Volume 9; No. 4; Fall 1997
"Unbanked" Citizens Draw Government Attention
By William Sessums, Project Manager, Financial Management Service,
Department of Treasury
The Debt Collection Improvement Act of 1996 (Act), requires the government
to deliver all payments except federal tax refunds using electronic funds
transfer (EFT) by January 1, 1999. The expanded use of EFT means that millions
of individuals who receive federal benefits will be brought into the banking
system for the first time. The Treasury Department's Financial Management
Service (FMS) would prefer that these federal recipients become "banked,"
through the establishment of accounts at financial institutions. This makes
direct deposit of federal benefits a viable payment option. But if recipients
remain "unbanked," the government will pursue other options which
can accommodate EFT payments. Without such options, unbanked individuals
cannot meet the EFT payment requirement, and millions of people may continue
to conduct their financial affairs in ways that compromise their financial
safety. The Treasury Department is currently seeking industry ideas for
how these EFT options will operate and how they will be offered at a reasonable
cost through a proposed rule (31 CFR Part 208) which was published on September
|Illustration by Frank Serr
After the public comment period, which ends on December 16, 1997, the
rule and compliance measures will be finalized. Until 1998, one can only
speculate how the government will make electronic payment options available
to federal recipients who lack bank accounts. However, Treasury currently
sponsors two programs designed to provide EFT account services. One is
the Direct Payment Card pilot in Texas; the other is the Benefit
® program that is available
in eight southeastern states. Different from these government-sponsored
approaches (but designed to indirectly expand direct deposit participation
among unbanked recipients) is Treasury's promotion of its Direct Deposit
| The government is moving boldly to convert federal benefits
such as Social Security to EFT. A major challenge: the estimated 10%
of check recipients that lack bank accounts. Treasury is encouraging
all financial institutions to expand the use of direct deposit by
offering accounts that are more "unbanked friendly." Still,
a national strategy to provide banking services for recipients that
remain unserved is being defined. It's unclear what the final plan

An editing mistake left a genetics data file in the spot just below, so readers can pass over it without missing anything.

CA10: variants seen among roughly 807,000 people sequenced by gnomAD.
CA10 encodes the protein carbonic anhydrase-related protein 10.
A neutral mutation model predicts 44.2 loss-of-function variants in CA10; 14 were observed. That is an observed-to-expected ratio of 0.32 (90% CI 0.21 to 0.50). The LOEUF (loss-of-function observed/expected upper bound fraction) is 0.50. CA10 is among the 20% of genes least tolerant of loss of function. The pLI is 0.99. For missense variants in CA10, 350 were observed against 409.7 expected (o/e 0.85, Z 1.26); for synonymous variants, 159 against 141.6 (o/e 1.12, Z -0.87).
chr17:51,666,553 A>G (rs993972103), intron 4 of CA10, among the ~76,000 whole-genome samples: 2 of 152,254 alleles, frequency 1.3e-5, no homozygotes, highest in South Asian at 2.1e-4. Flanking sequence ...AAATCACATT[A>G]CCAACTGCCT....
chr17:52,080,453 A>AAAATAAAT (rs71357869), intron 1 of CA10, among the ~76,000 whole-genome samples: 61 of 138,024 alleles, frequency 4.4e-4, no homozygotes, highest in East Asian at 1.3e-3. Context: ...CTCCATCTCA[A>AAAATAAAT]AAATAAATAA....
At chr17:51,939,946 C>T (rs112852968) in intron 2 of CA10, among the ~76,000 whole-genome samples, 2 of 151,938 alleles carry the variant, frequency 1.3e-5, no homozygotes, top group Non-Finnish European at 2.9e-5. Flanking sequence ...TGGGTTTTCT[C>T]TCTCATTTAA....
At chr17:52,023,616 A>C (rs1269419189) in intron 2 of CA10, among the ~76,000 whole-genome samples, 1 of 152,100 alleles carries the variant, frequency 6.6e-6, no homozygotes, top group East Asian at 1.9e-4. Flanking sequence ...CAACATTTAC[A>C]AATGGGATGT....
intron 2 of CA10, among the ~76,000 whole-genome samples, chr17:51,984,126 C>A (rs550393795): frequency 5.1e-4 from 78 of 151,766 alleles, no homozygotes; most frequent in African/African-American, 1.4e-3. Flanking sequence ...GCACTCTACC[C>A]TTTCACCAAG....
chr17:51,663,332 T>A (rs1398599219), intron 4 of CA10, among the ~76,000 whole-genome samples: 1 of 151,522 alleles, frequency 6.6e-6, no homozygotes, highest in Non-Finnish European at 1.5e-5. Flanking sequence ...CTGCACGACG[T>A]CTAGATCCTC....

will look like, but Treasury's FMS has been offering basic banking
services to a limited target audience since 1992.
Banking Services Through the Private Sector
Direct Deposit Too (DD Too)
Direct deposit is the most popular form of payment by EFT and is currently
the method used for approximately
55% of federal benefit payments. Converting the remaining payments to EFT
could save taxpayers roughly $500 million over the next five years, while
enhancing safety, reliability, and convenience to consumers. However, if
federal benefit recipients lack bank accounts, direct deposit does not work.
There are many reasons why individuals lack basic bank accounts, but DD
Too responds to many of the problems commonly linked to checking accounts.
Specifically, improper account reconciliation, bounced checks, and penalty
fees may create feelings of uncertainty and anxiety plus added cost to some
bank customers. This increased cost often surpasses the price of cashing
checks and purchasing money orders at non-depository institutions.
| Government research indicates that 60% of federal benefit recipients
cash their monthly benefit checks at financial institutions. FMS is
asking financial institutions to serve recipients by adopting the
Direct Deposit Too model.
| Eighty-eight percent of all Treasury-disbursed benefit payments
(EFT and checks) involve programs administered by the Social Security
DD Too is a bank account model that any financial institution
may adopt. DD Too is NOT a government product where account features
and fees are regulated. However, if the DD Too model is widely
adopted, it increases direct deposit potential for any payor including
the federal government. FMS markets the DD Too model to all financial
institutions in an effort to increase the availability of "risk free"
and "penalty free" accounts for unbanked federal benefit recipients.
This expands consumer choice, and brings more benefit recipients into
mainstream banking. Some financial institutions are adopting the DD
Too concept by permitting direct deposit of recurring payments plus
an over-the-counter deposit feature for infrequent payments. These same
financial institutions often supplement on-line debit with over-the-counter
access features. Treasury applauds such efforts and is pleased that the
four banking regulatory agencies consider accounts based on the DD
Too model eligible for credit under the Community Reinvestment Act
DD Too's Suggested Standards
Payments: Direct deposit of federal benefits into
a consumer-owned and consumer-established bank account offered by
private sector financial institutions.
Access: No checks, no potential to overdraw, no minimum
balance requirements, and reasonably priced services. Card/PIN access
to accounts by on-line debit is generally suggested.
Government-Sponsored Bank Accounts
Direct Payment Card
FMS's Direct Payment Card pilot in Texas is a banking service
where account features and fees are uniform since they are defined by
government. In 1992, Citibank was competitively selected to provide account
services as the Treasury Department's agent. These accounts are recipient-owned
and are "prefunded" because federal benefit payments are delivered
through the Automated Clearing House (ACH) network on the appropriate
payment date. No other deposits are permitted into the account. Recipients
access their federal payments at existing ATMs and at retail point-of-sale
(POS) terminals using a standard Citibank issued on-line debit card and
a personal identification number (PIN).
Payment access is fully compatible with private sector requirements since
transactions are routed through regional and national financial networks.